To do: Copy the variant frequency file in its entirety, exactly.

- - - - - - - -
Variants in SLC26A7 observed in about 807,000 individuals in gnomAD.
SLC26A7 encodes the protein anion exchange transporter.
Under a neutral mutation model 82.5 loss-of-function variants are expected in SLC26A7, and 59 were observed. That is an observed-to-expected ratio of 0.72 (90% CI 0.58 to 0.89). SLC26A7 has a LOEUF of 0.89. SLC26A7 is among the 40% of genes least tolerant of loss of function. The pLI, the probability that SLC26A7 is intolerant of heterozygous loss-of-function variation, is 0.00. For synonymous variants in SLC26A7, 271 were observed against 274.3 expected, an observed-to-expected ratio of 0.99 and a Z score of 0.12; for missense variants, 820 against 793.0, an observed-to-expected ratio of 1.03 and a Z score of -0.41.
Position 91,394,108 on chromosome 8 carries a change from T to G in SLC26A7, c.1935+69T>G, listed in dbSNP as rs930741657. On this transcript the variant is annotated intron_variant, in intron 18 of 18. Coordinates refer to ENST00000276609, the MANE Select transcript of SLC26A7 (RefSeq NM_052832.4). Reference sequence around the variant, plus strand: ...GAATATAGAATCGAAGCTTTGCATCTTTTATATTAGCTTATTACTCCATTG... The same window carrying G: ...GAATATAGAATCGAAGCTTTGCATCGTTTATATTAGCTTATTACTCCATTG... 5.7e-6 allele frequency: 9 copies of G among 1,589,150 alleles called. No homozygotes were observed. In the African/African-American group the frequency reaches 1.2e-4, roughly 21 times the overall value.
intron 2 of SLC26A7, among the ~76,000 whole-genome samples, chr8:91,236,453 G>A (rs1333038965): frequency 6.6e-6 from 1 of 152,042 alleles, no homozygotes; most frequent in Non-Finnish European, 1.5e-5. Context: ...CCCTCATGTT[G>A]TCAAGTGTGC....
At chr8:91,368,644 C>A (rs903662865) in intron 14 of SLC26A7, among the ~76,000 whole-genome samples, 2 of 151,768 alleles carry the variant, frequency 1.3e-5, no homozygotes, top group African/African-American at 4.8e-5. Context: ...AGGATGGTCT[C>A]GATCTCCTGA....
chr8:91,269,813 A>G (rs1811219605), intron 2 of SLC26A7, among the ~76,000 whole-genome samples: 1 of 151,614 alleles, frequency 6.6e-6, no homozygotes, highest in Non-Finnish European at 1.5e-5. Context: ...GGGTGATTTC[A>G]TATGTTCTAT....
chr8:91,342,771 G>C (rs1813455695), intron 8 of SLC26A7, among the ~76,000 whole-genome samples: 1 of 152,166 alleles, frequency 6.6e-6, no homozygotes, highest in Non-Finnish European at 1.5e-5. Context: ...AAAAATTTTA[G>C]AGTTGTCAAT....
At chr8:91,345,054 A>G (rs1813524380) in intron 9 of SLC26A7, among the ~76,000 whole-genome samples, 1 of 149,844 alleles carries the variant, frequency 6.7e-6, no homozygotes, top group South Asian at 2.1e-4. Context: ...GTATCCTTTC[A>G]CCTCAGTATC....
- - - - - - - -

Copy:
Variants in SLC26A7 observed in about 807,000 individuals in gnomAD.
SLC26A7 encodes the protein anion exchange transporter.
Under a neutral mutation model 82.5 loss-of-function variants are expected in SLC26A7, and 59 were observed. That is an observed-to-expected ratio of 0.72 (90% CI 0.58 to 0.89). SLC26A7 has a LOEUF of 0.89. SLC26A7 is among the 40% of genes least tolerant of loss of function. The pLI, the probability that SLC26A7 is intolerant of heterozygous loss-of-function variation, is 0.00. For synonymous variants in SLC26A7, 271 were observed against 274.3 expected, an observed-to-expected ratio of 0.99 and a Z score of 0.12; for missense variants, 820 against 793.0, an observed-to-expected ratio of 1.03 and a Z score of -0.41.
Position 91,394,108 on chromosome 8 carries a change from T to G in SLC26A7, c.1935+69T>G, listed in dbSNP as rs930741657. On this transcript the variant is annotated intron_variant, in intron 18 of 18. Coordinates refer to ENST00000276609, the MANE Select transcript of SLC26A7 (RefSeq NM_052832.4). Reference sequence around the variant, plus strand: ...GAATATAGAATCGAAGCTTTGCATCTTTTATATTAGCTTATTACTCCATTG... The same window carrying G: ...GAATATAGAATCGAAGCTTTGCATCGTTTATATTAGCTTATTACTCCATTG... 5.7e-6 allele frequency: 9 copies of G among 1,589,150 alleles called. No homozygotes were observed. In the African/African-American group the frequency reaches 1.2e-4, roughly 21 times the overall value.
intron 2 of SLC26A7, among the ~76,000 whole-genome samples, chr8:91,236,453 G>A (rs1333038965): frequency 6.6e-6 from 1 of 152,042 alleles, no homozygotes; most frequent in Non-Finnish European, 1.5e-5. Context: ...CCCTCATGTT[G>A]TCAAGTGTGC....
At chr8:91,368,644 C>A (rs903662865) in intron 14 of SLC26A7, among the ~76,000 whole-genome samples, 2 of 151,768 alleles carry the variant, frequency 1.3e-5, no homozygotes, top group African/African-American at 4.8e-5. Context: ...AGGATGGTCT[C>A]GATCTCCTGA....
chr8:91,269,813 A>G (rs1811219605), intron 2 of SLC26A7, among the ~76,000 whole-genome samples: 1 of 151,614 alleles, frequency 6.6e-6, no homozygotes, highest in Non-Finnish European at 1.5e-5. Context: ...GGGTGATTTC[A>G]TATGTTCTAT....
chr8:91,342,771 G>C (rs1813455695), intron 8 of SLC26A7, among the ~76,000 whole-genome samples: 1 of 152,166 alleles, frequency 6.6e-6, no homozygotes, highest in Non-Finnish European at 1.5e-5. Context: ...AAAAATTTTA[G>C]AGTTGTCAAT....
At chr8:91,345,054 A>G (rs1813524380) in intron 9 of SLC26A7, among the ~76,000 whole-genome samples, 1 of 149,844 alleles carries the variant, frequency 6.7e-6, no homozygotes, top group South Asian at 2.1e-4. Context: ...GTATCCTTTC[A>G]CCTCAGTATC....